From there, Rybczynski delves into the growth of the suburb, which is largely due to the car. As people could settle farther out, in the country, they did so, and city centers began to decline. Suburbia is complex. In many cases, suburbs themselves end up with centers of their own, so that work doesn't always happen in the city. Also, with the advent of the car, shopping malls sprang up, placing all retail in a single location that people could drive to and then walk around within. Of particular importance here was the supermarket, allowing people to shop for a week or two rather than shopping for a day or two at a time. I was surprised to learn how recent the (indoor) shopping mall really is--going from about eight in the nation in 1950 to thousands by the 1960s. That malls are privately owned raises social questions as well, since unlike public downtown streets, limitations can be placed on free speech and assembly.

Cities themselves are largely growing smaller as their surroundings fill out, creating larger and larger metropolitan areas (both in land and population). The complex mix of cities and edge cities is the future.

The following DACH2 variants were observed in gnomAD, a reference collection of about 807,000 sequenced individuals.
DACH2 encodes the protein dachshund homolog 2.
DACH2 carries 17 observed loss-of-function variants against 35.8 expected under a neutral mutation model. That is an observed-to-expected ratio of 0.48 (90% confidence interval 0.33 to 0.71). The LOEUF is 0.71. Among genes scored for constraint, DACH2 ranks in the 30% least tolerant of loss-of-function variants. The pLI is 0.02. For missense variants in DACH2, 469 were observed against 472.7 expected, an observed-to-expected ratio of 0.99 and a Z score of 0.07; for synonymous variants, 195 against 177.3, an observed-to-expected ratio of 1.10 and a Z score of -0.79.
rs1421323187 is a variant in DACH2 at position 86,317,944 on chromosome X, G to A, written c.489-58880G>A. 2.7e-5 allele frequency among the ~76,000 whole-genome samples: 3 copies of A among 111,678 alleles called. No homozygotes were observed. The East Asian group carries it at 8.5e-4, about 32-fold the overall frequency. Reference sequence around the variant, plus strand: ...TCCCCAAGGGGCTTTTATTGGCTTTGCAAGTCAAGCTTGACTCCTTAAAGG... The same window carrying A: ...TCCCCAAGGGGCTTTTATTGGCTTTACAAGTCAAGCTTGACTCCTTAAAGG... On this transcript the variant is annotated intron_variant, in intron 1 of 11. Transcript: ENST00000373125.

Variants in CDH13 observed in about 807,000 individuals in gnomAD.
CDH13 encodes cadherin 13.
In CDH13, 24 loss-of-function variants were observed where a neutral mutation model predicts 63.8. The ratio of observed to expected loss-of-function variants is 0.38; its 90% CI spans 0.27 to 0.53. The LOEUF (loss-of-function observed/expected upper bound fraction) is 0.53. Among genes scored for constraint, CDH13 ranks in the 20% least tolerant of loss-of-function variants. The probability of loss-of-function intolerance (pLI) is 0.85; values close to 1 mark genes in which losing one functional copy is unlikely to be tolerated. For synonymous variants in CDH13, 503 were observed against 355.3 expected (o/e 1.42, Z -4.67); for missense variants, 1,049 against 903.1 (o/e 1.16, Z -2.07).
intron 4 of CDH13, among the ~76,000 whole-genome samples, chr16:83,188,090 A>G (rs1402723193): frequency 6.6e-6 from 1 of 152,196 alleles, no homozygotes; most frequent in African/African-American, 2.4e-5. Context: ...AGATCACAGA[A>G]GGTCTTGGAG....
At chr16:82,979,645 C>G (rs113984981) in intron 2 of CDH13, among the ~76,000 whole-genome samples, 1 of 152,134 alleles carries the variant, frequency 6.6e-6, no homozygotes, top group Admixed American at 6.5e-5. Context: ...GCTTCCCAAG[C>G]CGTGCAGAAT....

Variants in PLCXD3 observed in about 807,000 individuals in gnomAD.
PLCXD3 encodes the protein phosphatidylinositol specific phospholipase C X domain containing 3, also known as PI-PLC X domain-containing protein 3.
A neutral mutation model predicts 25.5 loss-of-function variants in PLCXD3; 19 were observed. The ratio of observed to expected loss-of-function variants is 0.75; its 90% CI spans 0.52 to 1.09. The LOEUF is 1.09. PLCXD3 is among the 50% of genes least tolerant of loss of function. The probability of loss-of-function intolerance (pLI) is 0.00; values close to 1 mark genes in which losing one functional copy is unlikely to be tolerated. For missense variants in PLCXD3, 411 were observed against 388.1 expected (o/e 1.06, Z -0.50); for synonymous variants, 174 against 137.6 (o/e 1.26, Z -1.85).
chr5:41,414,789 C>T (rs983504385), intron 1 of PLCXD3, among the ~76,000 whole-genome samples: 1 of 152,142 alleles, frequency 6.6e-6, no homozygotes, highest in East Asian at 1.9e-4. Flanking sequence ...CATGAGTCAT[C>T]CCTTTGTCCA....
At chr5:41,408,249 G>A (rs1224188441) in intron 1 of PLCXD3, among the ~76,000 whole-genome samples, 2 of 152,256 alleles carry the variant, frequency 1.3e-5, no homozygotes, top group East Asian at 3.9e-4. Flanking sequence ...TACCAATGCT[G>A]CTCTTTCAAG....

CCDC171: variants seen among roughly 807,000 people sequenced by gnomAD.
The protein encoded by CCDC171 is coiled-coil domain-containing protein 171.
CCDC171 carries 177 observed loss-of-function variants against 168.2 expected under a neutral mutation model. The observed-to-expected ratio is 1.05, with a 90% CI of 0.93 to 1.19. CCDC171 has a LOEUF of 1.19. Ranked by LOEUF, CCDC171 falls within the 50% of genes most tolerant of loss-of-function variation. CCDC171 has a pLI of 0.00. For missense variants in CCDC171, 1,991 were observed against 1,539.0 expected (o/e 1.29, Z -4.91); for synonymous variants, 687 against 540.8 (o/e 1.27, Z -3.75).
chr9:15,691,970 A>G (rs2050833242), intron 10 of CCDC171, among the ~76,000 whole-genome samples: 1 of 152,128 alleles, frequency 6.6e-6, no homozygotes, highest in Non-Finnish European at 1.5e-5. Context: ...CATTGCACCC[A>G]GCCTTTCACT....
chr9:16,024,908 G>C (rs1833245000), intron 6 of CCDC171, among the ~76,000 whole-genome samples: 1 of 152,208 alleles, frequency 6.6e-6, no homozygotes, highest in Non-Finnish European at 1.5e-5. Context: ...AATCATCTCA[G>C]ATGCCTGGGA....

Tuesday, February 16, 2016

On "Game" by Donald Barthelme (1916 words) *****

An absolutely wonderful story by Barthelme, this one involves two men with the joint key to world destruction--the key to a nuclear bomb in a silo. Day in, day out, they keep tabs on each other, in case one of them does something crazy. They have the means to annihilate the other if something goes wrong. It is a perfect metaphor for the Cold War at its height. Read the story here.

On "The Five Love Languages" by Gary Chapman ****

Long referenced in sermons, marriage counseling, dating situations, and general conversation, this book is one I have intended to get around to for a while. The problem is that I could not get it from the library, and I didn't want to put forth the money to buy it. I'd taken the test; I sort of knew where I fell. I understood the concepts. I wasn't sure the book would offer me that much more insight. And really, it did not, though I appreciate that my wife spent the money to buy it for me, and it was a fun read.